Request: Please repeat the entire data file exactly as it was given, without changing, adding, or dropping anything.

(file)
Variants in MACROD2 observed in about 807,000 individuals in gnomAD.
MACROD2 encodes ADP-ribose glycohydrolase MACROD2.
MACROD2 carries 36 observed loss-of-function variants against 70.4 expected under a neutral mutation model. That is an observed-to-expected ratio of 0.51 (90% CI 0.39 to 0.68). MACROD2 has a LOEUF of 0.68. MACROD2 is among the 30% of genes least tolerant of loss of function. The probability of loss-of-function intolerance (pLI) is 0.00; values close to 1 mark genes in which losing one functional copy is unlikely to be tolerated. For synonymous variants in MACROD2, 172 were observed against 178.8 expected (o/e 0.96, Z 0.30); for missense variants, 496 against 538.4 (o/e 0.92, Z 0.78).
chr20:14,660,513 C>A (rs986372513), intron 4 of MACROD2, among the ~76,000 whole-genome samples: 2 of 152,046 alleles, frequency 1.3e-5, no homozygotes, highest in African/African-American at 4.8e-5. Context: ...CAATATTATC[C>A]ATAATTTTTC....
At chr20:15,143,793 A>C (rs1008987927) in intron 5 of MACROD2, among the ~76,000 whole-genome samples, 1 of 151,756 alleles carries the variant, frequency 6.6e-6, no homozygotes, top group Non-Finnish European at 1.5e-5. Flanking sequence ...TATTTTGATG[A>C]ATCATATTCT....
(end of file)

Variants in MACROD2 observed in about 807,000 individuals in gnomAD.
MACROD2 encodes ADP-ribose glycohydrolase MACROD2.
MACROD2 carries 36 observed loss-of-function variants against 70.4 expected under a neutral mutation model. That is an observed-to-expected ratio of 0.51 (90% CI 0.39 to 0.68). MACROD2 has a LOEUF of 0.68. MACROD2 is among the 30% of genes least tolerant of loss of function. The probability of loss-of-function intolerance (pLI) is 0.00; values close to 1 mark genes in which losing one functional copy is unlikely to be tolerated. For synonymous variants in MACROD2, 172 were observed against 178.8 expected (o/e 0.96, Z 0.30); for missense variants, 496 against 538.4 (o/e 0.92, Z 0.78).
chr20:14,660,513 C>A (rs986372513), intron 4 of MACROD2, among the ~76,000 whole-genome samples: 2 of 152,046 alleles, frequency 1.3e-5, no homozygotes, highest in African/African-American at 4.8e-5. Context: ...CAATATTATC[C>A]ATAATTTTTC....
At chr20:15,143,793 A>C (rs1008987927) in intron 5 of MACROD2, among the ~76,000 whole-genome samples, 1 of 151,756 alleles carries the variant, frequency 6.6e-6, no homozygotes, top group Non-Finnish European at 1.5e-5. Flanking sequence ...TATTTTGATG[A>C]ATCATATTCT....